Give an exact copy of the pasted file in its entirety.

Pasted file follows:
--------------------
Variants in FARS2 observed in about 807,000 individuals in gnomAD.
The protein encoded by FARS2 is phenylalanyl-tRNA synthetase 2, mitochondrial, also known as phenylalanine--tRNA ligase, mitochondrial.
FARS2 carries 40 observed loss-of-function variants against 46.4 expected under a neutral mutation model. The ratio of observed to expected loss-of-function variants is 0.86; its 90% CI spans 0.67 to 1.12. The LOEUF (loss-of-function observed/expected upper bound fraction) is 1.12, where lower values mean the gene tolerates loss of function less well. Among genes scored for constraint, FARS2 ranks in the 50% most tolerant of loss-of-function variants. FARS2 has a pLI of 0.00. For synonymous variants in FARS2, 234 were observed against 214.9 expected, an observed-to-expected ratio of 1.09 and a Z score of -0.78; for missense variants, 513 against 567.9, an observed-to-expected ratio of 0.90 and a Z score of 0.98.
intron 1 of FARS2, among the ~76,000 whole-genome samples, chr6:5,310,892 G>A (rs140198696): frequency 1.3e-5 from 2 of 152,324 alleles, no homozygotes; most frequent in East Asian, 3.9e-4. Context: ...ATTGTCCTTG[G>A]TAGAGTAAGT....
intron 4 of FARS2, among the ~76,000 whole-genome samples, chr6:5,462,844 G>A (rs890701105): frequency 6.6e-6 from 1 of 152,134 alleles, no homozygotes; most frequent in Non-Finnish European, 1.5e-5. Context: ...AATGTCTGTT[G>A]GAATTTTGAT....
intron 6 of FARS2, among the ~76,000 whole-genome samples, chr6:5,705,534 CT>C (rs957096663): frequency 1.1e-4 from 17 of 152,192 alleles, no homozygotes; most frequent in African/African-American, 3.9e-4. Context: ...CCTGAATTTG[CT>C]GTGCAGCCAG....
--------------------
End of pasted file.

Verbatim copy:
Variants in FARS2 observed in about 807,000 individuals in gnomAD.
The protein encoded by FARS2 is phenylalanyl-tRNA synthetase 2, mitochondrial, also known as phenylalanine--tRNA ligase, mitochondrial.
FARS2 carries 40 observed loss-of-function variants against 46.4 expected under a neutral mutation model. The ratio of observed to expected loss-of-function variants is 0.86; its 90% CI spans 0.67 to 1.12. The LOEUF (loss-of-function observed/expected upper bound fraction) is 1.12, where lower values mean the gene tolerates loss of function less well. Among genes scored for constraint, FARS2 ranks in the 50% most tolerant of loss-of-function variants. FARS2 has a pLI of 0.00. For synonymous variants in FARS2, 234 were observed against 214.9 expected, an observed-to-expected ratio of 1.09 and a Z score of -0.78; for missense variants, 513 against 567.9, an observed-to-expected ratio of 0.90 and a Z score of 0.98.
intron 1 of FARS2, among the ~76,000 whole-genome samples, chr6:5,310,892 G>A (rs140198696): frequency 1.3e-5 from 2 of 152,324 alleles, no homozygotes; most frequent in East Asian, 3.9e-4. Context: ...ATTGTCCTTG[G>A]TAGAGTAAGT....
intron 4 of FARS2, among the ~76,000 whole-genome samples, chr6:5,462,844 G>A (rs890701105): frequency 6.6e-6 from 1 of 152,134 alleles, no homozygotes; most frequent in Non-Finnish European, 1.5e-5. Context: ...AATGTCTGTT[G>A]GAATTTTGAT....
intron 6 of FARS2, among the ~76,000 whole-genome samples, chr6:5,705,534 CT>C (rs957096663): frequency 1.1e-4 from 17 of 152,192 alleles, no homozygotes; most frequent in African/African-American, 3.9e-4. Context: ...CCTGAATTTG[CT>C]GTGCAGCCAG....